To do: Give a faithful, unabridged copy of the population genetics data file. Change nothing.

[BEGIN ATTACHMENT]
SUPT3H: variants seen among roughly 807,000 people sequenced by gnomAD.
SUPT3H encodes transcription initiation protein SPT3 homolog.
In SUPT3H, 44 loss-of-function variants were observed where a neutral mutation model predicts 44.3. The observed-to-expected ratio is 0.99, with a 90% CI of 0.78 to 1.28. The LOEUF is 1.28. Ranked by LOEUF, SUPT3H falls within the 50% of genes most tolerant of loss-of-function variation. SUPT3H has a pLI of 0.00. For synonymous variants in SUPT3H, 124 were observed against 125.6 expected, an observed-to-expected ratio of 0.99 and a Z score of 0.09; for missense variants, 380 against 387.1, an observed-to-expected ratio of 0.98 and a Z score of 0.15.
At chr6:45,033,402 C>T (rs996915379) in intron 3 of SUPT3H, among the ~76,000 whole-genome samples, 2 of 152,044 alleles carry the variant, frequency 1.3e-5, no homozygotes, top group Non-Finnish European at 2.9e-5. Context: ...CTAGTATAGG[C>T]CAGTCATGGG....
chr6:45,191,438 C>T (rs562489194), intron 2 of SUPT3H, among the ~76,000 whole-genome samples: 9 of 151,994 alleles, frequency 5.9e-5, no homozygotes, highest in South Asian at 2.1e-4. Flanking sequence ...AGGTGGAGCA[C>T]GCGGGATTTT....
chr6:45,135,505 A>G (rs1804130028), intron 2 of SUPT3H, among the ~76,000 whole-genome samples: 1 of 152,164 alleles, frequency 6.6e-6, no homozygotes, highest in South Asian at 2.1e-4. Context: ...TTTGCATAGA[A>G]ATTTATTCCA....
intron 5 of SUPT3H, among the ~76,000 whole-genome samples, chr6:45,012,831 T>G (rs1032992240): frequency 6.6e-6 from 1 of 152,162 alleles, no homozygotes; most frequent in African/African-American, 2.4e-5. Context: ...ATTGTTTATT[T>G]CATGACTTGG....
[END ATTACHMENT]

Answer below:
SUPT3H: variants seen among roughly 807,000 people sequenced by gnomAD.
SUPT3H encodes transcription initiation protein SPT3 homolog.
In SUPT3H, 44 loss-of-function variants were observed where a neutral mutation model predicts 44.3. The observed-to-expected ratio is 0.99, with a 90% CI of 0.78 to 1.28. The LOEUF is 1.28. Ranked by LOEUF, SUPT3H falls within the 50% of genes most tolerant of loss-of-function variation. SUPT3H has a pLI of 0.00. For synonymous variants in SUPT3H, 124 were observed against 125.6 expected, an observed-to-expected ratio of 0.99 and a Z score of 0.09; for missense variants, 380 against 387.1, an observed-to-expected ratio of 0.98 and a Z score of 0.15.
At chr6:45,033,402 C>T (rs996915379) in intron 3 of SUPT3H, among the ~76,000 whole-genome samples, 2 of 152,044 alleles carry the variant, frequency 1.3e-5, no homozygotes, top group Non-Finnish European at 2.9e-5. Context: ...CTAGTATAGG[C>T]CAGTCATGGG....
chr6:45,191,438 C>T (rs562489194), intron 2 of SUPT3H, among the ~76,000 whole-genome samples: 9 of 151,994 alleles, frequency 5.9e-5, no homozygotes, highest in South Asian at 2.1e-4. Flanking sequence ...AGGTGGAGCA[C>T]GCGGGATTTT....
chr6:45,135,505 A>G (rs1804130028), intron 2 of SUPT3H, among the ~76,000 whole-genome samples: 1 of 152,164 alleles, frequency 6.6e-6, no homozygotes, highest in South Asian at 2.1e-4. Context: ...TTTGCATAGA[A>G]ATTTATTCCA....
intron 5 of SUPT3H, among the ~76,000 whole-genome samples, chr6:45,012,831 T>G (rs1032992240): frequency 6.6e-6 from 1 of 152,162 alleles, no homozygotes; most frequent in African/African-American, 2.4e-5. Context: ...ATTGTTTATT[T>G]CATGACTTGG....